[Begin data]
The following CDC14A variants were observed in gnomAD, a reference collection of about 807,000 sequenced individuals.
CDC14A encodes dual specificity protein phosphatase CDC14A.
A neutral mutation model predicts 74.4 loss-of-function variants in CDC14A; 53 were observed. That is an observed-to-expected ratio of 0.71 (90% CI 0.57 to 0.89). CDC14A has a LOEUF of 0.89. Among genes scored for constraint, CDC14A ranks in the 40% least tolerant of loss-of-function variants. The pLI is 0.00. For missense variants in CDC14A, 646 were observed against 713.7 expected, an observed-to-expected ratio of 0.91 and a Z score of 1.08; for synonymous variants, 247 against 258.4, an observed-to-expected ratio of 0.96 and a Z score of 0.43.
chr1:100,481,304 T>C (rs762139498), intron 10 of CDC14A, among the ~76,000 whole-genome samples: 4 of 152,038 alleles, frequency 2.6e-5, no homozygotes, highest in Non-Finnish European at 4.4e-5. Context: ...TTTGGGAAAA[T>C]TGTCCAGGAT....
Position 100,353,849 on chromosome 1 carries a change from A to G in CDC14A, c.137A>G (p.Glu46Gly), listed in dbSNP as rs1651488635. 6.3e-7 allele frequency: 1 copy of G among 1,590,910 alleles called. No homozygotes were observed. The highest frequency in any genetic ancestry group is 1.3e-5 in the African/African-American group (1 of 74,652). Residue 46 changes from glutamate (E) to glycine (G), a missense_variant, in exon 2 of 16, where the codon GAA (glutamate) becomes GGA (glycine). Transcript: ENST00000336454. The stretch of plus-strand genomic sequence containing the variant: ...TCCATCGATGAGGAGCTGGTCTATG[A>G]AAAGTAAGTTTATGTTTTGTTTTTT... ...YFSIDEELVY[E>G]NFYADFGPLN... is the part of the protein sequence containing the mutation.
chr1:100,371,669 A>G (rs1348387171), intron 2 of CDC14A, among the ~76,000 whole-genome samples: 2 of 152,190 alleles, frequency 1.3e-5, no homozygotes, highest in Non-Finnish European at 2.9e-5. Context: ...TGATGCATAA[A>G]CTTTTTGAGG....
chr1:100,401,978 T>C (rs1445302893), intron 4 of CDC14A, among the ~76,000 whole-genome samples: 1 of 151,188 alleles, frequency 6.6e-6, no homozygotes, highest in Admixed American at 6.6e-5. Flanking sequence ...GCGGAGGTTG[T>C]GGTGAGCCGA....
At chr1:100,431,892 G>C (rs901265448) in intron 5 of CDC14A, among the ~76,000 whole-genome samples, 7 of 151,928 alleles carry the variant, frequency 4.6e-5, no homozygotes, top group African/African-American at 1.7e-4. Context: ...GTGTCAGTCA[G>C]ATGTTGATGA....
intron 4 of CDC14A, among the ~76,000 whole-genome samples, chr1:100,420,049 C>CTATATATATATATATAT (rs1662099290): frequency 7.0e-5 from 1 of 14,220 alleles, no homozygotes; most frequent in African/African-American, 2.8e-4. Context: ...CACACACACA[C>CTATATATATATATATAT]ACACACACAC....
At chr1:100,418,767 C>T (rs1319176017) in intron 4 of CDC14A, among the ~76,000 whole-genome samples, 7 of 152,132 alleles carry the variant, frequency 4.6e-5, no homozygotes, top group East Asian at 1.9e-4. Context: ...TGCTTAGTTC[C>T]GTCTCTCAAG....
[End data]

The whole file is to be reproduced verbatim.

The following CDC14A variants were observed in gnomAD, a reference collection of about 807,000 sequenced individuals.
CDC14A encodes dual specificity protein phosphatase CDC14A.
A neutral mutation model predicts 74.4 loss-of-function variants in CDC14A; 53 were observed. That is an observed-to-expected ratio of 0.71 (90% CI 0.57 to 0.89). CDC14A has a LOEUF of 0.89. Among genes scored for constraint, CDC14A ranks in the 40% least tolerant of loss-of-function variants. The pLI is 0.00. For missense variants in CDC14A, 646 were observed against 713.7 expected, an observed-to-expected ratio of 0.91 and a Z score of 1.08; for synonymous variants, 247 against 258.4, an observed-to-expected ratio of 0.96 and a Z score of 0.43.
chr1:100,481,304 T>C (rs762139498), intron 10 of CDC14A, among the ~76,000 whole-genome samples: 4 of 152,038 alleles, frequency 2.6e-5, no homozygotes, highest in Non-Finnish European at 4.4e-5. Context: ...TTTGGGAAAA[T>C]TGTCCAGGAT....
Position 100,353,849 on chromosome 1 carries a change from A to G in CDC14A, c.137A>G (p.Glu46Gly), listed in dbSNP as rs1651488635. 6.3e-7 allele frequency: 1 copy of G among 1,590,910 alleles called. No homozygotes were observed. The highest frequency in any genetic ancestry group is 1.3e-5 in the African/African-American group (1 of 74,652). Residue 46 changes from glutamate (E) to glycine (G), a missense_variant, in exon 2 of 16, where the codon GAA (glutamate) becomes GGA (glycine). Transcript: ENST00000336454. The stretch of plus-strand genomic sequence containing the variant: ...TCCATCGATGAGGAGCTGGTCTATG[A>G]AAAGTAAGTTTATGTTTTGTTTTTT... ...YFSIDEELVY[E>G]NFYADFGPLN... is the part of the protein sequence containing the mutation.
chr1:100,371,669 A>G (rs1348387171), intron 2 of CDC14A, among the ~76,000 whole-genome samples: 2 of 152,190 alleles, frequency 1.3e-5, no homozygotes, highest in Non-Finnish European at 2.9e-5. Context: ...TGATGCATAA[A>G]CTTTTTGAGG....
chr1:100,401,978 T>C (rs1445302893), intron 4 of CDC14A, among the ~76,000 whole-genome samples: 1 of 151,188 alleles, frequency 6.6e-6, no homozygotes, highest in Admixed American at 6.6e-5. Flanking sequence ...GCGGAGGTTG[T>C]GGTGAGCCGA....
At chr1:100,431,892 G>C (rs901265448) in intron 5 of CDC14A, among the ~76,000 whole-genome samples, 7 of 151,928 alleles carry the variant, frequency 4.6e-5, no homozygotes, top group African/African-American at 1.7e-4. Context: ...GTGTCAGTCA[G>C]ATGTTGATGA....
intron 4 of CDC14A, among the ~76,000 whole-genome samples, chr1:100,420,049 C>CTATATATATATATATAT (rs1662099290): frequency 7.0e-5 from 1 of 14,220 alleles, no homozygotes; most frequent in African/African-American, 2.8e-4. Context: ...CACACACACA[C>CTATATATATATATATAT]ACACACACAC....
At chr1:100,418,767 C>T (rs1319176017) in intron 4 of CDC14A, among the ~76,000 whole-genome samples, 7 of 152,132 alleles carry the variant, frequency 4.6e-5, no homozygotes, top group East Asian at 1.9e-4. Context: ...TGCTTAGTTC[C>T]GTCTCTCAAG....